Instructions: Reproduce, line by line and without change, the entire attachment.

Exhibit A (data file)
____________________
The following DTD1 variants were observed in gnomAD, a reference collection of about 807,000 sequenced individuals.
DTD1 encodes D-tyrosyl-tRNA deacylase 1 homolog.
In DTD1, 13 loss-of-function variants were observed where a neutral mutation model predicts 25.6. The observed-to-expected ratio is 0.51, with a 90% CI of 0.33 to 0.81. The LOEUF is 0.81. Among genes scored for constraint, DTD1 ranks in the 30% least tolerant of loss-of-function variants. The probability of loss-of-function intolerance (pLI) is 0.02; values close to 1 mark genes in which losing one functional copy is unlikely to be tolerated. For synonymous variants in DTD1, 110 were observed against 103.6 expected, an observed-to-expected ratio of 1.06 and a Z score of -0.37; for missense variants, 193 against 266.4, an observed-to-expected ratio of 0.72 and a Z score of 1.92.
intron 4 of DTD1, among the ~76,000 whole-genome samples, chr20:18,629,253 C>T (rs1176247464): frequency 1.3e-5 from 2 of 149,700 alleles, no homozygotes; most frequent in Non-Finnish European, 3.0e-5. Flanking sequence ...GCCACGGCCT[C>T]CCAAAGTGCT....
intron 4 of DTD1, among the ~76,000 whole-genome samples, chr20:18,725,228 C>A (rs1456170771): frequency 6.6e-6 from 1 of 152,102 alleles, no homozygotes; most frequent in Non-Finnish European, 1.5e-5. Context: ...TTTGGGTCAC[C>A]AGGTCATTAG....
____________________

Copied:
The following DTD1 variants were observed in gnomAD, a reference collection of about 807,000 sequenced individuals.
DTD1 encodes D-tyrosyl-tRNA deacylase 1 homolog.
In DTD1, 13 loss-of-function variants were observed where a neutral mutation model predicts 25.6. The observed-to-expected ratio is 0.51, with a 90% CI of 0.33 to 0.81. The LOEUF is 0.81. Among genes scored for constraint, DTD1 ranks in the 30% least tolerant of loss-of-function variants. The probability of loss-of-function intolerance (pLI) is 0.02; values close to 1 mark genes in which losing one functional copy is unlikely to be tolerated. For synonymous variants in DTD1, 110 were observed against 103.6 expected, an observed-to-expected ratio of 1.06 and a Z score of -0.37; for missense variants, 193 against 266.4, an observed-to-expected ratio of 0.72 and a Z score of 1.92.
intron 4 of DTD1, among the ~76,000 whole-genome samples, chr20:18,629,253 C>T (rs1176247464): frequency 1.3e-5 from 2 of 149,700 alleles, no homozygotes; most frequent in Non-Finnish European, 3.0e-5. Flanking sequence ...GCCACGGCCT[C>T]CCAAAGTGCT....
intron 4 of DTD1, among the ~76,000 whole-genome samples, chr20:18,725,228 C>A (rs1456170771): frequency 6.6e-6 from 1 of 152,102 alleles, no homozygotes; most frequent in Non-Finnish European, 1.5e-5. Context: ...TTTGGGTCAC[C>A]AGGTCATTAG....